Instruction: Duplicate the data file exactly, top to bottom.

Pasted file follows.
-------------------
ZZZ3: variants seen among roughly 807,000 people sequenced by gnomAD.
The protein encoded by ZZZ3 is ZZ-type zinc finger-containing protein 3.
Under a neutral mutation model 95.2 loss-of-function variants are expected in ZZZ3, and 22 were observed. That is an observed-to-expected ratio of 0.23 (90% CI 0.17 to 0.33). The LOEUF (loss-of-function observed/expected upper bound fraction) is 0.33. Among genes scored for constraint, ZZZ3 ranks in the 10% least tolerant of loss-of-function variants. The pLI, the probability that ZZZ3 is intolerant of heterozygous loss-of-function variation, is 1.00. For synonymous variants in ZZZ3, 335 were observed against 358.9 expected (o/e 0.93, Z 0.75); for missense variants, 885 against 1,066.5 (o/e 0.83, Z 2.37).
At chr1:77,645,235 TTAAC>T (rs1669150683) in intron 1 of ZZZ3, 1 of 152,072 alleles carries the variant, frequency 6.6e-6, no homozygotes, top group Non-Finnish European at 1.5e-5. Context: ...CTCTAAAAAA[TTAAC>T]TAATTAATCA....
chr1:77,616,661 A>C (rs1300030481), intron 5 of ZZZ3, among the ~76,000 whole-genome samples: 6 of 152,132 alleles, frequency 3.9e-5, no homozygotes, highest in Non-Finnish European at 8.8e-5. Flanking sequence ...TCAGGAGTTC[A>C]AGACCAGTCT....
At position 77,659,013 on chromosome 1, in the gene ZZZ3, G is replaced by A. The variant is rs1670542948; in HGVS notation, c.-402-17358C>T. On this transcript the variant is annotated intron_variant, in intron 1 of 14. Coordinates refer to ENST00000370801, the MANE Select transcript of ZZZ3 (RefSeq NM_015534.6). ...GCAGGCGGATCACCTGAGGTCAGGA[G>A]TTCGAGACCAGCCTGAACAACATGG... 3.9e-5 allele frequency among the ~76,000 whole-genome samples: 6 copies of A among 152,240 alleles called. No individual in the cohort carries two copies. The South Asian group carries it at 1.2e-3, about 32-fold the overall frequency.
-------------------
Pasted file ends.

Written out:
ZZZ3: variants seen among roughly 807,000 people sequenced by gnomAD.
The protein encoded by ZZZ3 is ZZ-type zinc finger-containing protein 3.
Under a neutral mutation model 95.2 loss-of-function variants are expected in ZZZ3, and 22 were observed. That is an observed-to-expected ratio of 0.23 (90% CI 0.17 to 0.33). The LOEUF (loss-of-function observed/expected upper bound fraction) is 0.33. Among genes scored for constraint, ZZZ3 ranks in the 10% least tolerant of loss-of-function variants. The pLI, the probability that ZZZ3 is intolerant of heterozygous loss-of-function variation, is 1.00. For synonymous variants in ZZZ3, 335 were observed against 358.9 expected (o/e 0.93, Z 0.75); for missense variants, 885 against 1,066.5 (o/e 0.83, Z 2.37).
At chr1:77,645,235 TTAAC>T (rs1669150683) in intron 1 of ZZZ3, 1 of 152,072 alleles carries the variant, frequency 6.6e-6, no homozygotes, top group Non-Finnish European at 1.5e-5. Context: ...CTCTAAAAAA[TTAAC>T]TAATTAATCA....
chr1:77,616,661 A>C (rs1300030481), intron 5 of ZZZ3, among the ~76,000 whole-genome samples: 6 of 152,132 alleles, frequency 3.9e-5, no homozygotes, highest in Non-Finnish European at 8.8e-5. Flanking sequence ...TCAGGAGTTC[A>C]AGACCAGTCT....
At position 77,659,013 on chromosome 1, in the gene ZZZ3, G is replaced by A. The variant is rs1670542948; in HGVS notation, c.-402-17358C>T. On this transcript the variant is annotated intron_variant, in intron 1 of 14. Coordinates refer to ENST00000370801, the MANE Select transcript of ZZZ3 (RefSeq NM_015534.6). ...GCAGGCGGATCACCTGAGGTCAGGA[G>A]TTCGAGACCAGCCTGAACAACATGG... 3.9e-5 allele frequency among the ~76,000 whole-genome samples: 6 copies of A among 152,240 alleles called. No individual in the cohort carries two copies. The South Asian group carries it at 1.2e-3, about 32-fold the overall frequency.